The break down of lipid rich epithelial cells. They indicate lipiduria of nephrotic syndrome
What are WBC casts associated with ?
They are indicative of inflammation due to polynephritis, interstitial nephritis, acute post-streptococcal glomerulonephritis
What is the fusion of the foot processes which usually correlates with a large loss of protein in the urine.
Effacement- There is usually a detachment associated with this phenomena that will promote proteins leaking through the capillary
What are the layers of the basement membrane ?
Lamina Lucida Interna, Lamina densa, and Lamina Rara externa
What are the proteins that conrtibure to the slit pore formation ?
Nephrin and podocin, Mutations in these will cause congenital nephrotic syndromes
What molecule gives the charge properties to the basement membrane ?
What causes glomerulonephritis with hematuria ?
A mutation in the NC-1 domain of the alpha 3 (IV) chain
Foot Process Effacement
Minimal change disease
Spike and Dome
Post Infectons Glomerulonephritis
Hypertensive Neuropathy or scleroderma
What is the protein size cutoff that can pass through the glomerulous ?
Under 4 mm can pass through the membrane
Describe the glomerular permeability in nephrotic syndrome
The glomerular permeability will be increased
What protein does the urine spot test look for ?
Production and hence filtration exceeds the reabsorption capacity ( Multiple Myeloma )
Secondary to tubulointerstitial disease- low molecular weight proteins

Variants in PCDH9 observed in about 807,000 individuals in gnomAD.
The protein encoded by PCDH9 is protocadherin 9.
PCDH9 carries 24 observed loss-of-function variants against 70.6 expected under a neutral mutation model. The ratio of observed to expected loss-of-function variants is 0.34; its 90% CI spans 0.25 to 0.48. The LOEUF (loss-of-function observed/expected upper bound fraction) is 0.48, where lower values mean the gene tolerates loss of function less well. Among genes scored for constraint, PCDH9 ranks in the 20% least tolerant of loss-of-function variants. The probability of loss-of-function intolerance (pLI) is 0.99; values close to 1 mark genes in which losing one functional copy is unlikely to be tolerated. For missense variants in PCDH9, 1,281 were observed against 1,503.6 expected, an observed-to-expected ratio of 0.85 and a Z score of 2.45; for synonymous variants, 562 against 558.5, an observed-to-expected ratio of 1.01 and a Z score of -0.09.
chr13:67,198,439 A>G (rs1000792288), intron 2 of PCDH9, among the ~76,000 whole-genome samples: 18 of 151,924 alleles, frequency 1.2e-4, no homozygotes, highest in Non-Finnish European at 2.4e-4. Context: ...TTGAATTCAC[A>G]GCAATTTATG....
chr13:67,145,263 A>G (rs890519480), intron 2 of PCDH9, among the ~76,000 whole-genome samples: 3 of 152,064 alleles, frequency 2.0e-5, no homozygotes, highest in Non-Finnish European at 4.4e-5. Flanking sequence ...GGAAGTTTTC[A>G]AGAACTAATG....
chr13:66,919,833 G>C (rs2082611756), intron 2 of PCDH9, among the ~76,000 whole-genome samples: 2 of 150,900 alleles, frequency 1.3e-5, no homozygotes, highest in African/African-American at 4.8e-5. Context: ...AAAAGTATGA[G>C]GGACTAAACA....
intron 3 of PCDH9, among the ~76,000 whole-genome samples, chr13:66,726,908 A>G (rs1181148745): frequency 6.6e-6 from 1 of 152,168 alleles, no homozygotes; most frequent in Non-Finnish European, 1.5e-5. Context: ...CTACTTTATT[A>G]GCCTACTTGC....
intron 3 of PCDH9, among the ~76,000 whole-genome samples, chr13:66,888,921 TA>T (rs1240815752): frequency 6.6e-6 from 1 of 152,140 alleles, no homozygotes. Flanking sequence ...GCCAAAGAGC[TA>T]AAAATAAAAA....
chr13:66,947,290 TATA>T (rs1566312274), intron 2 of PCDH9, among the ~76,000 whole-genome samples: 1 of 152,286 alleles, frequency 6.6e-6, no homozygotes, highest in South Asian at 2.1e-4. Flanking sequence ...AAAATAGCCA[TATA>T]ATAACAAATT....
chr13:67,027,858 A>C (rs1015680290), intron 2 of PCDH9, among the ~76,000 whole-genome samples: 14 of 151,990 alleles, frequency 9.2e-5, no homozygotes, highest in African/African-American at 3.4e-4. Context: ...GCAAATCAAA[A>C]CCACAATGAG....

Seen with any glomerulonephritis, albumin is the dominant protein in the urine.
What is the nnormal albumin / creatine ratio ?
What is the normal kideny excretion rate of protein ?
40 - 80 mg/day but can go up to 150 ( threshold for normal range )
What is the nephrotic range proteinurea ?
Spot urine level will be over 3.5 and 24 hour urine collection will be above 3.5 grams
What is the goal in treating nephrotic syndrome ?
Preserve the kidney function. The disease needs to be modified and supportive measures need to be put in place.
What are the 4 aspects of nephrotic syndrome ?
2. Heavy Proteinurea
Is nephrotic syndrome inflammatory ?
NO it is non-inflammatory injury to the glomerular capillary wall ( Podocytes )
In nephrotic syndrome what is the urinary sediment like ?
It is inactive
What are the 3 layers of the Glomerular capillary ?
2. Glomerular basement membrane
3. Podocyte visceral epithelial cell layer
What are the two podocytopathies ?
Minimial change disease and Focal Segmental Glomerulosclerosis
What disease is a membranous nephropathy ?
It is a form of chronic immune complex glomerulonephritis.
What is soluble urokinase type plasminogen activator receptor (suPAR) ?
Is is a circulating factor that binds to the podocyte anchor beta 3-untegrin and could be a common cause of focal segmental glomerulosclerosis
What is focal segmental glomerulosclerosis ?
It is a disease characterized by deposition of basement membrane like material assocaited with podocyte injury, not affecting all glomeruli ( focal ) and involving only segmnets of each affected glomerulous but progressing to sclerosis
Why is it important to differentiate between focal segmental glomerulosclerosis and minimal change disease ?
Because the prognosis is much worse in focal segmental glomerulosclerosis
What is azotemia ?
Increased concentration of creatine and urea nitrogen
What are apo L1 mutations ?
Mutations causing truncation of apolipoprotein L1 conferring with resistance to trypanosomiasis and susceptibility to focal segmental glomerulosclerosis
What is a soluble Urokinase type plasminogen activator receptor ?
A circulating factor that binds to the podocyte anchor beta3-integrin and could be a common cause of focal segmental glomerulosclerosis